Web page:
Council rents in Hackney may increase seven percent from April, council warn

Beecholme Estate in Clapton Pic Wikipedia Commons

Council house rents in Hackney may increase by seven percent from April, the council has warned.

The proposed increase in rent is due to higher costs for the council as the prices of construction, repairs and maintenance have risen because of inflation. The rise would take the average council house rent from £107.59 per week to £115.12 with an increase also proposed for some service charges.

Hackney Council said: “Our rents would remain among the lowest in London. We can continue to invest in our homes and deliver the services our residents need over the coming year as well as tackling issues like damp and mould.”

The proposal came as many adults were struggling to keep up with rent payments during the cost-of-living crisis. The Office for National Statistics (ONS) reported that 3 in 10 adults paying either a mortgage or rent found it difficult to afford these payments.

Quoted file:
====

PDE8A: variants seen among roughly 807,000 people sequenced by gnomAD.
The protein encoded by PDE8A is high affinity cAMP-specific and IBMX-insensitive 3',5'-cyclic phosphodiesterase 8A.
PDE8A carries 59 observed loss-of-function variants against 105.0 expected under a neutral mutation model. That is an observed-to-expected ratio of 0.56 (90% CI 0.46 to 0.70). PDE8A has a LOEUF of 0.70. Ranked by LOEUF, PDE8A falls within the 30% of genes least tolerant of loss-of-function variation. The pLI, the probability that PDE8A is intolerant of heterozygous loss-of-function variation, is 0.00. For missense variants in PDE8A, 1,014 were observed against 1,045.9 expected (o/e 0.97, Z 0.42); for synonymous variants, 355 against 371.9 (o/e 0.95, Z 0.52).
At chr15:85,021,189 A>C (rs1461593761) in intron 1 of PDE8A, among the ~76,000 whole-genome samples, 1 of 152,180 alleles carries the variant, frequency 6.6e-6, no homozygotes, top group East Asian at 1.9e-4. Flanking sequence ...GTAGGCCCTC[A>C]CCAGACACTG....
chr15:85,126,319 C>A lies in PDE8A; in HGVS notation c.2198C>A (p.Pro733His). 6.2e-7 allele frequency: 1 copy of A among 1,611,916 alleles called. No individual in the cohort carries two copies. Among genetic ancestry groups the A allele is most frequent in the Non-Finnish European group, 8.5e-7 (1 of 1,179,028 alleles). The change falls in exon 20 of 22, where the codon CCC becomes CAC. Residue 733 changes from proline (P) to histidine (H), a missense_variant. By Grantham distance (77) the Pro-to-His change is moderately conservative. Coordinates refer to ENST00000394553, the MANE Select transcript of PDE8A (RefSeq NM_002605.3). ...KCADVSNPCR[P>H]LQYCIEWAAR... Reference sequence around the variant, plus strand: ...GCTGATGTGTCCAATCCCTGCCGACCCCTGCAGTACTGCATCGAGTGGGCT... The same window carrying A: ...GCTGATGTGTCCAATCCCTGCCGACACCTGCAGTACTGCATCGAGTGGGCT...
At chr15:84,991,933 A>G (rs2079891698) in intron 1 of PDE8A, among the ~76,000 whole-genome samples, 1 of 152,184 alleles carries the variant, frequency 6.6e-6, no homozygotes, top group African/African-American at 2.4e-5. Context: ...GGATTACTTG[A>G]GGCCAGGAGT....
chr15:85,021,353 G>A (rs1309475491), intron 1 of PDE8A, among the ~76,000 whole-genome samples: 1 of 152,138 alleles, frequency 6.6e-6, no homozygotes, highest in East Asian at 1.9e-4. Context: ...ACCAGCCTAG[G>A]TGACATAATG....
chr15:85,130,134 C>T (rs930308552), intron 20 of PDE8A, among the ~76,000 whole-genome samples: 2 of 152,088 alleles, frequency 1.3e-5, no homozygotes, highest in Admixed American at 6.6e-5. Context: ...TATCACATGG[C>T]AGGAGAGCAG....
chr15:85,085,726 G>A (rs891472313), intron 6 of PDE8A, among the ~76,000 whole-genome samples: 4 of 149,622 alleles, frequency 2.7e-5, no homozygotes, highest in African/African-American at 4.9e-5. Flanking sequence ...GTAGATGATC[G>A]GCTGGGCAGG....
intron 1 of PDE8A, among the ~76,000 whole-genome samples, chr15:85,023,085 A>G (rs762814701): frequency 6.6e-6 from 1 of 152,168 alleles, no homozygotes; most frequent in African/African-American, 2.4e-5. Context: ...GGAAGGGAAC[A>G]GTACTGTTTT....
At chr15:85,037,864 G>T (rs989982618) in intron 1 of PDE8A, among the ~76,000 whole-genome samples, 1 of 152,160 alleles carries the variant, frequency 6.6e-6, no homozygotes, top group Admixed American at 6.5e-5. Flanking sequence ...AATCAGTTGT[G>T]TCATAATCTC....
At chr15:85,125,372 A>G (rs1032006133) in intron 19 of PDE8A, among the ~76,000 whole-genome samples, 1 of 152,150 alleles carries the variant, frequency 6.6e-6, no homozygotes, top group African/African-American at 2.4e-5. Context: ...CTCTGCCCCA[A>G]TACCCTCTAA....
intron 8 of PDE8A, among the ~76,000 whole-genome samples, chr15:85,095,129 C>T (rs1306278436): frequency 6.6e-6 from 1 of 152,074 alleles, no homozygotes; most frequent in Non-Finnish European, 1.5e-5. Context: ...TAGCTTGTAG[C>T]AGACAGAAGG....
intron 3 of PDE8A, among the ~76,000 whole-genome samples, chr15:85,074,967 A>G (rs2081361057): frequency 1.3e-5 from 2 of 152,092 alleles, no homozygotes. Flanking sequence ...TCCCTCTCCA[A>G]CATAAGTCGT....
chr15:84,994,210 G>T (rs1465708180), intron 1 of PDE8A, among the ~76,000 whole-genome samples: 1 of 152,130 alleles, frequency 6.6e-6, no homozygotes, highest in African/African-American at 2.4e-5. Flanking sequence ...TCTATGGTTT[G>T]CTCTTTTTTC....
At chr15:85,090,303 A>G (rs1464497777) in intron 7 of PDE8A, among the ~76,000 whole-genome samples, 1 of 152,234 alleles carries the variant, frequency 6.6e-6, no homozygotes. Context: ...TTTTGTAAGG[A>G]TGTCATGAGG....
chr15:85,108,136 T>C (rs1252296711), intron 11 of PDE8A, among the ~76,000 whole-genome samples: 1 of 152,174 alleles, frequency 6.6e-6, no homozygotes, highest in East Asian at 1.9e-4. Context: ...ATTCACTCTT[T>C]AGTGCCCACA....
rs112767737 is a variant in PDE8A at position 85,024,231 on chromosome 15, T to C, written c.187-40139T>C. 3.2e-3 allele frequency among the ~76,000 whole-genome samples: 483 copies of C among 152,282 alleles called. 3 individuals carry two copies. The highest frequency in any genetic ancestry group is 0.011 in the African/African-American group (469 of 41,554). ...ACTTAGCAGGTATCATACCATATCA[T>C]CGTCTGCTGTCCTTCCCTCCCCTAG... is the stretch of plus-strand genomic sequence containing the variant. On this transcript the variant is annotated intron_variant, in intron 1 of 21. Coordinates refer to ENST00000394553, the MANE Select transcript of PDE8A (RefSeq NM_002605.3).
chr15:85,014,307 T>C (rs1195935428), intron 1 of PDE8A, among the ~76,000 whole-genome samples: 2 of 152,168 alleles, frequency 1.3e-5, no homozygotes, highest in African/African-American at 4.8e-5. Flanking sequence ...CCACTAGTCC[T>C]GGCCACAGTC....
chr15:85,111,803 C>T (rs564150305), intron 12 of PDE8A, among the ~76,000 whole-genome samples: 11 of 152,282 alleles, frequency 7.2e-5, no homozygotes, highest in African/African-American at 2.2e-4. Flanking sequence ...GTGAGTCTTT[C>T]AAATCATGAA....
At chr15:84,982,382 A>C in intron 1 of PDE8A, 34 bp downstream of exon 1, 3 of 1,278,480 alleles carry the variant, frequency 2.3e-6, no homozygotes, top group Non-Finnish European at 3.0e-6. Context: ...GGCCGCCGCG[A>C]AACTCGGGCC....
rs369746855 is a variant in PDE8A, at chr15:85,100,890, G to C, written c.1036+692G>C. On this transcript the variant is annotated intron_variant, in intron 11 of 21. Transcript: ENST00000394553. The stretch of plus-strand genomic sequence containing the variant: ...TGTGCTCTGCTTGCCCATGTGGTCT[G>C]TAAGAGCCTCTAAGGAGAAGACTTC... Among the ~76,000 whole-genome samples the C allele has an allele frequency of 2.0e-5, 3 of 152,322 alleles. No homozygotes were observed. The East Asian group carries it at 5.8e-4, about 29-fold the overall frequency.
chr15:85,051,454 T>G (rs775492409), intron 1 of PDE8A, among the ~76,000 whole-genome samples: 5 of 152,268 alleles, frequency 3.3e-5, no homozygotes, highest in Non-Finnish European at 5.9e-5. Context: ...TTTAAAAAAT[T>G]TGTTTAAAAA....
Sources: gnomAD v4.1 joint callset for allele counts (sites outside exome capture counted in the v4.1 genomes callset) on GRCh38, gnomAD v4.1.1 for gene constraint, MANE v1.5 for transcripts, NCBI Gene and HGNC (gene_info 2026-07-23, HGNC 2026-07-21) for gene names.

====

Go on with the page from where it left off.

A council resident who wished to remain anonymous told ELL: “There are options for someone like myself, I can take a lodger for a few months and that will offset any budget increases. It’s not nice living in one room for a few months, but it pays the bills. I say I’m lucky having a council flat and count my blessings.”

The increase in rent remains below current levels of inflation, with the latest measure of inflation at 10.5% in December 2022, according to the latest figures from the ONS.

The changes are not yet set in place, however, and councillors will discuss the matter in the coming months. The council said they will take residents comments into account when forming their decision.

Any increases to council house rent cannot exceed seven percent after a decision made in November last year capped rent increases for social housing. The rent cap is enforceable between April 2023 and March 2024. Previously, social housing rent was permitted to be increased one percentage point above inflation per year.

Local government association, London Councils, said of the rent cap: “With the Consumer Price Index (CPI) increasing by 9.6 per cent in the year to October 2021, and Bank of England forecasts showing CPI is expected to remain high throughout 2023, next year’s rent ceiling represents a real-terms reduction in income for local authority.”

The council have asked that any tenants concerned about the proposed increases write to them by 17 February.

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